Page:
The term biogas refers to natural gas that is generated from the biological degradation of organic material in the absence of oxygen. The gases produced from this process are methane, hydrogen, and carbon monoxide. The methane in particular, which makes up about 60% of the output, can be combusted just like other forms of natural gas and used as a fuel source for heating. This methane gas can also be converted into electricity to power electrical devices. Also, by adding large amounts of pressure to the biogas, it can be transformed into compressed natural gas or CNG as it’s often called and then used to power vehicles.
Someone who knows a lot about biogas is Warren Weisman, co-founder and CEO of Hestia Home Biogas, an American renewable energy company based in the Pacific Northwest.
Warren is an internationally recognised expert on biogas and anaerobic digestion, and with Hestia Home Biogas he’s helped introduce the world’s first commercial home biogas digester for colder climates. “Think of it as a great looking compost bin that also gives you a free BBQ bottle of propane every 8 days.” he says.
A typical American household with a lawn or garden will generate enough energy to cook three meals a day, all from your own waste.
The process of converting organic waste into a biogas occurs through what is called anaerobic digestion. Anaerobic digestion happens as organic materials, like manure, sewage, and plant materials are fermented – in other words, they biodegrade and the byproduct gas is captured, stored and used for fuel.
Benefits of Biogas
Biogas is considered a renewable energy source, because organic materials are limitless. Not only does the process of creating biogas leave a very small carbon footprint, but harvesting biogas from landfills and farms actually has significant impacts on capturing greenhouse gases that would otherwise have seaped into the atmosphere – this is because biogases are naturally created in landfills and on farms and the methane is released into the atmosphere without intervention.
Biogas is also incredibly versatile. In its untreated form, methane can be used to heat buildings, water, or as cooking fuel. However, it can also easily be converted into other forms of fuel that can be used for electricity, combined heat and power systems or as fuel for vehicles. The Environmental Protection Agency estimates in 2010 that the U.S. has the potential to offset vehicle fuel for 6.5 million cars from biogas alone.
Many see potential to use biogas plants to provide base load electricity in place of coal fired power plants. Other forms of renewable energy resources, like solar and wind, are intermittent, but biogas can provide a consistent, steady stream of power to meet these electricity demands at all times of the day. In North America, it’s estimated that biogas could meet nearly three percent of electricity demand.
As an added bonus, from a waste management standpoint, biogas is also a good thing. Organic materials that are considered waste are everywhere so converting these otherwise useless materials into fuel is an added bonus from a sustainability standpoint. The phrase “one man’s trash is another man’s treasure” comes to mind here. Generating biogas from farms would reduce the nitrogen runoff (that comes from manure) that disrupts local ecosystems, particularly rivers, lakes and streams.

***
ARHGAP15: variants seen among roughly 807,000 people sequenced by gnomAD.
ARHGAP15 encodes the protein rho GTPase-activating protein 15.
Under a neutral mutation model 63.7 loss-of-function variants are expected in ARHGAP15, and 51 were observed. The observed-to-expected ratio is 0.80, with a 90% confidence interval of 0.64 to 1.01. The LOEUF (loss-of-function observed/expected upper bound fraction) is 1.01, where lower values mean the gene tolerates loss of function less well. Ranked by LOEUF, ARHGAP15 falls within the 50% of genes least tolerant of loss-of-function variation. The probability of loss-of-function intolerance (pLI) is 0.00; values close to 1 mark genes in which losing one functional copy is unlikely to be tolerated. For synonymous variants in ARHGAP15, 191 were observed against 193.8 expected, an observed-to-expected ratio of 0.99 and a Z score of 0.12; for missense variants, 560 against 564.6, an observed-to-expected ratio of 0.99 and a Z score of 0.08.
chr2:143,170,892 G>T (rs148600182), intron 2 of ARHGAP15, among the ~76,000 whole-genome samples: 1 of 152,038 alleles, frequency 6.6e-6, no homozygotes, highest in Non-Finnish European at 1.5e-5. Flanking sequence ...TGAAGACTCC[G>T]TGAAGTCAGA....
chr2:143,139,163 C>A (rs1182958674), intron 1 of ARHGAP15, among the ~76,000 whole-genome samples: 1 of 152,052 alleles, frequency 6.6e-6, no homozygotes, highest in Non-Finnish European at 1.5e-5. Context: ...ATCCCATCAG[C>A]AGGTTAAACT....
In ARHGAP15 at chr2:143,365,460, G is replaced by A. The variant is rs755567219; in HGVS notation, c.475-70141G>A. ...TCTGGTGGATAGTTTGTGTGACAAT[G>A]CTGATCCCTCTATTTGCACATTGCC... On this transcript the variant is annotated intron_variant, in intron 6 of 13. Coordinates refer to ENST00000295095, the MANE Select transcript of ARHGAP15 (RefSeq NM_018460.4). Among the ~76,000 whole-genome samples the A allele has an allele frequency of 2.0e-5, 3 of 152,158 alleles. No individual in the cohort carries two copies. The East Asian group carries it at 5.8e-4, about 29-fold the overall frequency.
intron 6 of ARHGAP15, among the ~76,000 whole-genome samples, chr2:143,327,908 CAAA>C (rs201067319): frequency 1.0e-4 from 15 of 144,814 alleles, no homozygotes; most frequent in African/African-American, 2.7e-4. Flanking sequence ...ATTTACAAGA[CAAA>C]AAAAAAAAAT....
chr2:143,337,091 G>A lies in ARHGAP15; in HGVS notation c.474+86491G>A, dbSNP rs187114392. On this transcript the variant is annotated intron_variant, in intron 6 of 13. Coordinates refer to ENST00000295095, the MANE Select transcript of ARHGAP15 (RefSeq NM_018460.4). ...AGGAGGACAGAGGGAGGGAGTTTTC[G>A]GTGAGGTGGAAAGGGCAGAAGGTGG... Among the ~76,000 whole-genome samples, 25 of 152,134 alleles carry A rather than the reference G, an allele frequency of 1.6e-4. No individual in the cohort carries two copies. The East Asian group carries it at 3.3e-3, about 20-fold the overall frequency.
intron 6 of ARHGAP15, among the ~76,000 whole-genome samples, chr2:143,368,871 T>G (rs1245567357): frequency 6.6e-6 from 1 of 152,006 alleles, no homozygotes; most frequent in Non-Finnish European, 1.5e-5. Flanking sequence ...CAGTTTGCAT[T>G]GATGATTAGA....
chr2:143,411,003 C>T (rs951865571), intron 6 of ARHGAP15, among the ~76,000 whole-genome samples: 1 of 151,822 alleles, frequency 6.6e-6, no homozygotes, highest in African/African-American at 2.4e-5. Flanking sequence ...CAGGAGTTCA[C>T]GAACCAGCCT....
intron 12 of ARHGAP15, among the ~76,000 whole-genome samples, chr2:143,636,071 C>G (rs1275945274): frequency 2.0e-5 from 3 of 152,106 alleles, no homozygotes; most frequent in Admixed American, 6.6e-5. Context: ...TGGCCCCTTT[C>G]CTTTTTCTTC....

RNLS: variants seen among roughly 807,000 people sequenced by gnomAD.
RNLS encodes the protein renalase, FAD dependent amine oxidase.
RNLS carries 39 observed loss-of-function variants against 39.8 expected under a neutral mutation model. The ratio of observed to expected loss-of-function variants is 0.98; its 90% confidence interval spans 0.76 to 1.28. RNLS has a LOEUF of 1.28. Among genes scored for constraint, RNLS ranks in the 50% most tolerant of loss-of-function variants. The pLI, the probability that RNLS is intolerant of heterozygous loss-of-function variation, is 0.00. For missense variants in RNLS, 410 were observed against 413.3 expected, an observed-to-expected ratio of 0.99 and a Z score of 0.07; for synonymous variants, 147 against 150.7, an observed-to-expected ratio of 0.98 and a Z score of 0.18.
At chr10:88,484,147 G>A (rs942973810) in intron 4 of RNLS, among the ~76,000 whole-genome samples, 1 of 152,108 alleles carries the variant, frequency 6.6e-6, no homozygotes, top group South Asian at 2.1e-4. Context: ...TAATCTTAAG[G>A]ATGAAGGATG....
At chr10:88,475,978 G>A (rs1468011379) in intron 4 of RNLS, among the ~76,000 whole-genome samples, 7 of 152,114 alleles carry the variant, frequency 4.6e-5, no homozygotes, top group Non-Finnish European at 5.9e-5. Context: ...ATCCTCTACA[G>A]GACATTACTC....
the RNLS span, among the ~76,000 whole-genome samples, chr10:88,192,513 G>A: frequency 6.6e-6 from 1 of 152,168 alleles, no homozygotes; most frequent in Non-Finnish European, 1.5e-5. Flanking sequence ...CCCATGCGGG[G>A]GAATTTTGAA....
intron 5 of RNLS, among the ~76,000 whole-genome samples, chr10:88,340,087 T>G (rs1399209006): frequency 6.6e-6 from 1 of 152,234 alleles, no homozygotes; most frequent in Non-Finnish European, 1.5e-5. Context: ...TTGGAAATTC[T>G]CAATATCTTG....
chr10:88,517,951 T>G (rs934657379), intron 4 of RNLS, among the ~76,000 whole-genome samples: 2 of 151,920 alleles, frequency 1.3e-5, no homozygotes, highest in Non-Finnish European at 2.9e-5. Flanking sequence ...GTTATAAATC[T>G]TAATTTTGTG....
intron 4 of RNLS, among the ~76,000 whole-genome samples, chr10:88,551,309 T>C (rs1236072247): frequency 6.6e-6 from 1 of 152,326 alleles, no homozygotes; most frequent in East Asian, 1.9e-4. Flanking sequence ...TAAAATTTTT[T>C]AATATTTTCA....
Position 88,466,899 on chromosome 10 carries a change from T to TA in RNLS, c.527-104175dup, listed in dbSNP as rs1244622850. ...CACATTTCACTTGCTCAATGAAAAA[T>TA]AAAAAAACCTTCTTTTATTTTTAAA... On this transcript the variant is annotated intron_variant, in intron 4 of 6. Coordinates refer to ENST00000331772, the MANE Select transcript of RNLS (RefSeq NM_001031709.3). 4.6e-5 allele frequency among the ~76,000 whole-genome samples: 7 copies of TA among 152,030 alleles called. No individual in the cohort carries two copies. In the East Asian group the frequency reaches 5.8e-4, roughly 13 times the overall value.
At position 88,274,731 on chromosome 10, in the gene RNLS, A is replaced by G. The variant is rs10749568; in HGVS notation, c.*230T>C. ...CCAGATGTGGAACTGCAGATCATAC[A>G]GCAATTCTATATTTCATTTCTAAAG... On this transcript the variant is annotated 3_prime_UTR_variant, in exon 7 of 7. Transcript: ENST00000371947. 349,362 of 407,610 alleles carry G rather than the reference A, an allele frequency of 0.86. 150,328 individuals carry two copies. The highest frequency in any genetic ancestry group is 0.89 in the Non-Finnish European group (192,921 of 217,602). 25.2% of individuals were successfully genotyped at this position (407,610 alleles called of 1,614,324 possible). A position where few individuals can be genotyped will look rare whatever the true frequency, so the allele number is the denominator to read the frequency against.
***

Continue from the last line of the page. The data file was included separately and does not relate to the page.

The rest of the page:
The History of Biogas
Biogas has been used as a fuel source for many hundreds of years. Some anecdotal evidence suggests that biogas was used as early as the tenth century in Assyria to heat bath water. But as early as the thirteenth century, famed traveler Marco Polo, documented that the Chinese covered their sewage tanks in order to generate power. And biogas was widely used in the United Kingdom for many centuries – in 1895, the city of Exeter in the UK actually powered its city street lamps using biogas.
Whenever the actual start date was, we know that biogas goes back at least a few thousand years. Scientists conducted the first documented experiments in the seventeenth century demonstrating how organic materials naturally give off flammable gases during decomposition, under the right circumstances.
Generally speaking, most biogas plants have been created on farms and landfills, because they are chocked full of organic materials, namely manure, trash and leftover crops that are ideal for transformation into biogas. These biogas plants use devices called anaerobic digesters to treat waste. Essentially, anaerobic digesters are airtight tanks that are set up to aid in the biodegradation process and capture released biogas.
Landfill biogas is produced using the wet, organic waste that is buried and already decomposing within the landfill. The waste is covered and then compressed by the weight of newly added material that essentially smothers the waste below, thereby depriving it from oxygen. Slowly, the gas builds up and can either be released naturally into the atmosphere or captured to be used as a fuel.
Biogas methane is approximately twenty times more detrimental a greenhouse gas than carbon dioxide. As such, landfills in which biogas is left to naturally escape into the atmosphere can be major contributors to climate change.
Farms also hold huge potential for biogas production. In fact, it’s estimated that the waste from cattle farms alone could produce enough electricity to power 3 million American homes. And like landfills, decomposing manure naturally releases methane into the atmosphere, which is far more of a potent greenhouse gas contributor than carbon dioxide. Capturing this gas and using it as a fuel source could reduce greenhouse gas emissions by an estimated 4%.
With respect to how biogas is used, it’s most commonly used in what are called combined heat and power or CHP systems. CHP units are capable of generating both electricity and heat, making them an ideal type of generating source for many large industrial applications.
Commercial Biogas Digester